For more than a decade, plans for developing one of Copenhagen’s most prestigious and historical waterfront locations, Krøyers Plads, were continually rejected by local community organizations and politicians, vigorously believing that the designs were failing to respect the identity of Christianshavn’s waterfront. The bruised egos of an international and domestic architectural community had to take stock and to look at Krøyers Plads with a new approach. Finally in 2011, a proposal by Vilhelm Lauritzen Architects and COBE was commissioned drawing its inspiration from the square’s historical warehouses, including the one housing the Michelin restaurant, Noma. Krøyers Plads is now home to a 20.000m² residential property, housing 105 apartments, office and retail space. Three new, five-storey buildings, respecting the heights of the surrounding warehouses, are clad in robust red and yellow brick that interact perfectly with its 300 year old neighbors. The features that strike the first-time visitor are undoubtedly the folding roofs, the harbor facing cables and the public functions at street level, such a popular theme on Copenhagen’s waterfront.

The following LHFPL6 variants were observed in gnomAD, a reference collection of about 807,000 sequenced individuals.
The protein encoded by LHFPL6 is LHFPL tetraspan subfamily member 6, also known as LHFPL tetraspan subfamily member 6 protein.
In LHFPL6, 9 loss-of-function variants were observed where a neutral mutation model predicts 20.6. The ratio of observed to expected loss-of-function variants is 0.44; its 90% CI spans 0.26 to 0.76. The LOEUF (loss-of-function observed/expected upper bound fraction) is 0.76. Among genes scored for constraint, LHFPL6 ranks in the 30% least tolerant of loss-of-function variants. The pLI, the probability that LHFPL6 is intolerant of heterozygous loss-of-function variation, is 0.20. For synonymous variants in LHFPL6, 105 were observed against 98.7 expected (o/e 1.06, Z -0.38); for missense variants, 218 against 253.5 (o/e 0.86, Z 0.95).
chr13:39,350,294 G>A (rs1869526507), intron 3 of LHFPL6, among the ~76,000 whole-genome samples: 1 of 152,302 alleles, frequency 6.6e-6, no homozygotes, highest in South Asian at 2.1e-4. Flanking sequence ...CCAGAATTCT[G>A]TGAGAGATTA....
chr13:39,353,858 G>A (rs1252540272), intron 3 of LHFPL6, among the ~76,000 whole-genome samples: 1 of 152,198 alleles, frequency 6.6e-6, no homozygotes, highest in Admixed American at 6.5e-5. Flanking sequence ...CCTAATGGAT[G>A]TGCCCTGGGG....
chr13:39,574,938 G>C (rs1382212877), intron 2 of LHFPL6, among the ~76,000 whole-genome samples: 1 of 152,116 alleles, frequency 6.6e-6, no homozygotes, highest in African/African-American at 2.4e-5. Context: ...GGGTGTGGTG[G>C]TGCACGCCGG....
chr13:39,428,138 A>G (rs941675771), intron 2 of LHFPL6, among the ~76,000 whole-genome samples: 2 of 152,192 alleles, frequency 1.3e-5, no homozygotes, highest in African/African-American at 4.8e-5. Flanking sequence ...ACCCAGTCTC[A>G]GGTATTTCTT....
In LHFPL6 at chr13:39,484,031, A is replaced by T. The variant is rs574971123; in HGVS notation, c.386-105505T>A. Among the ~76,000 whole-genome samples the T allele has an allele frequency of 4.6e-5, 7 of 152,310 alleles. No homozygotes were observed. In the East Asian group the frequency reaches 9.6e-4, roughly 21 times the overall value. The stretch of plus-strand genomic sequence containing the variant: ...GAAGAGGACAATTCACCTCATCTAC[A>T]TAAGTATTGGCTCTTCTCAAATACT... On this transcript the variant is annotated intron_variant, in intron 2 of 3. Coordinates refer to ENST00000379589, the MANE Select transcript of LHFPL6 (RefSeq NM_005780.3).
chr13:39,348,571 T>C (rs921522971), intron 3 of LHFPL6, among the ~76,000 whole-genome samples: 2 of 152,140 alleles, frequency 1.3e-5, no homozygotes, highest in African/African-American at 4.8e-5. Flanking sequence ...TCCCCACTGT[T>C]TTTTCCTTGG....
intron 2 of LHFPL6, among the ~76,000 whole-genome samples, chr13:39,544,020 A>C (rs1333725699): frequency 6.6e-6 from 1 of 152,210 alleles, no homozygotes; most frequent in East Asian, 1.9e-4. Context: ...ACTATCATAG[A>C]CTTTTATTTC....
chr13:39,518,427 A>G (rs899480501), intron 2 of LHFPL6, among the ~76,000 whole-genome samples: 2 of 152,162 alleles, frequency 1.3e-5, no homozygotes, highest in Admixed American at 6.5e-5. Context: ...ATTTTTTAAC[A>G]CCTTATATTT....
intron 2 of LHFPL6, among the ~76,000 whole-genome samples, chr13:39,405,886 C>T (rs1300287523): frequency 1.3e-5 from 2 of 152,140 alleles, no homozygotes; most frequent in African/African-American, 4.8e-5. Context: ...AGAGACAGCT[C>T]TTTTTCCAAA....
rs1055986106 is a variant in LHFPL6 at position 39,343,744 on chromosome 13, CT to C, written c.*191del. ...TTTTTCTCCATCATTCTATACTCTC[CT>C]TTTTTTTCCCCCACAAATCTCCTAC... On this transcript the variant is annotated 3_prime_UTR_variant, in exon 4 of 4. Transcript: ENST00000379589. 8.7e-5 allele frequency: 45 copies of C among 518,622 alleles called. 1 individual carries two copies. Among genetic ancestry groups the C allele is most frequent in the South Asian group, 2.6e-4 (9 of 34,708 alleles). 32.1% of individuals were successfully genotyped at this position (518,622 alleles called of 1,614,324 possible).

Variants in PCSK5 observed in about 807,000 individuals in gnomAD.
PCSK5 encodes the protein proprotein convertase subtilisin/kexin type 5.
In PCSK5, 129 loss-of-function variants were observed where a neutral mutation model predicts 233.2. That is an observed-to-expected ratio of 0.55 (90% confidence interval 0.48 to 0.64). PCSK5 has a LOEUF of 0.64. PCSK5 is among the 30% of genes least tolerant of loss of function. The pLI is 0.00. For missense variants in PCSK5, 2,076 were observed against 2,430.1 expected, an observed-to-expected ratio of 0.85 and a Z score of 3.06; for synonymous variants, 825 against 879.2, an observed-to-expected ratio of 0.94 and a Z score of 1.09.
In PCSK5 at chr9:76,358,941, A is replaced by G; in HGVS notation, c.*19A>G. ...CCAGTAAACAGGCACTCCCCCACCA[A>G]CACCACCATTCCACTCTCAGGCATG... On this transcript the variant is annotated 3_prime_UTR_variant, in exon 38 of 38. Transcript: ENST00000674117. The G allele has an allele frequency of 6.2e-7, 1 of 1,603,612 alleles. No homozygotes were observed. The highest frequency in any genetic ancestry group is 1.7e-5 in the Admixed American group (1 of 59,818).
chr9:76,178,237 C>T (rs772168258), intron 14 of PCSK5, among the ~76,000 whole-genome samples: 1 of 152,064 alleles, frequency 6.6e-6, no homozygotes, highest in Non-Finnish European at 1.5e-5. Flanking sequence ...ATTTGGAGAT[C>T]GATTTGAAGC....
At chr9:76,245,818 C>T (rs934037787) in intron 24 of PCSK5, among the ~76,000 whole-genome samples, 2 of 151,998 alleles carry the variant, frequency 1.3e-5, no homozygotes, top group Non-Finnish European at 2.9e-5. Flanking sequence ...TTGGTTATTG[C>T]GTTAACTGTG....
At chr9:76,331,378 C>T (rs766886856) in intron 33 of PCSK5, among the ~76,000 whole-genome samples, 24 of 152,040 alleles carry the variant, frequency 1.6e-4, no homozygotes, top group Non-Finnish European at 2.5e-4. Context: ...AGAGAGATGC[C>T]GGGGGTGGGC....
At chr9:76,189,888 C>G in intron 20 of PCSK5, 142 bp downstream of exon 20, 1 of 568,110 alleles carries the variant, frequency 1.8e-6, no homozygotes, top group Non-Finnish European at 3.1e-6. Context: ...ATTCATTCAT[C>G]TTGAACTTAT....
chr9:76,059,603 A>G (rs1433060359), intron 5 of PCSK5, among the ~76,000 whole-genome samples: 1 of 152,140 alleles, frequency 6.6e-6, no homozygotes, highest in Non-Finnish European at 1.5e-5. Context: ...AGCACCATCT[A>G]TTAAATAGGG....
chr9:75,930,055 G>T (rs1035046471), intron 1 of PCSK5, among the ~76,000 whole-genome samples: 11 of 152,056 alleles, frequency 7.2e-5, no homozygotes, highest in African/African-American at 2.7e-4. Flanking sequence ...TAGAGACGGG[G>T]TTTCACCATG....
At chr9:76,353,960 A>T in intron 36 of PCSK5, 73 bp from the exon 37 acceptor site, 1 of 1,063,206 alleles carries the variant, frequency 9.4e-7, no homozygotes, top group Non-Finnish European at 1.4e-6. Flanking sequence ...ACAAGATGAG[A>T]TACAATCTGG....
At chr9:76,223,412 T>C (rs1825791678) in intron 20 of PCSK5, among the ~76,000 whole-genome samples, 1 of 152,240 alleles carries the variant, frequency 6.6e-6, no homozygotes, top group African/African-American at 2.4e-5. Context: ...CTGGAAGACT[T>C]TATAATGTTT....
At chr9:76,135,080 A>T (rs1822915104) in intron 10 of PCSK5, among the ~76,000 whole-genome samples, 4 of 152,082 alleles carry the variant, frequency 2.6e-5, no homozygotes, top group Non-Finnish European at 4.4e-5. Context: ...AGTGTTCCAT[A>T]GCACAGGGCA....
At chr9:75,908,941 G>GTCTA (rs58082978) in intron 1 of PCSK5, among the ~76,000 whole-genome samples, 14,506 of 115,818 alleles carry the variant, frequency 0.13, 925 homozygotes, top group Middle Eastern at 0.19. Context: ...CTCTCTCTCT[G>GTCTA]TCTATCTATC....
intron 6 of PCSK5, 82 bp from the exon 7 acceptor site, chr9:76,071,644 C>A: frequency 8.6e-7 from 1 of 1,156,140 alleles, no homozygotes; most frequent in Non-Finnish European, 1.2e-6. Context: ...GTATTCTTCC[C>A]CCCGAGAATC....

Krøyers Plads is also drawing international attention, reaping awards for its sustainable approach, being labelled as Denmark’s first eco-labelled residential building. This sympathetic architectural and urban solution by Vilhelm Laurizten Architects and COBE, has shown that respecting the site’s context and identity doesn’t necessarily compromise the design solution.
Photo credits: Phillip Mills
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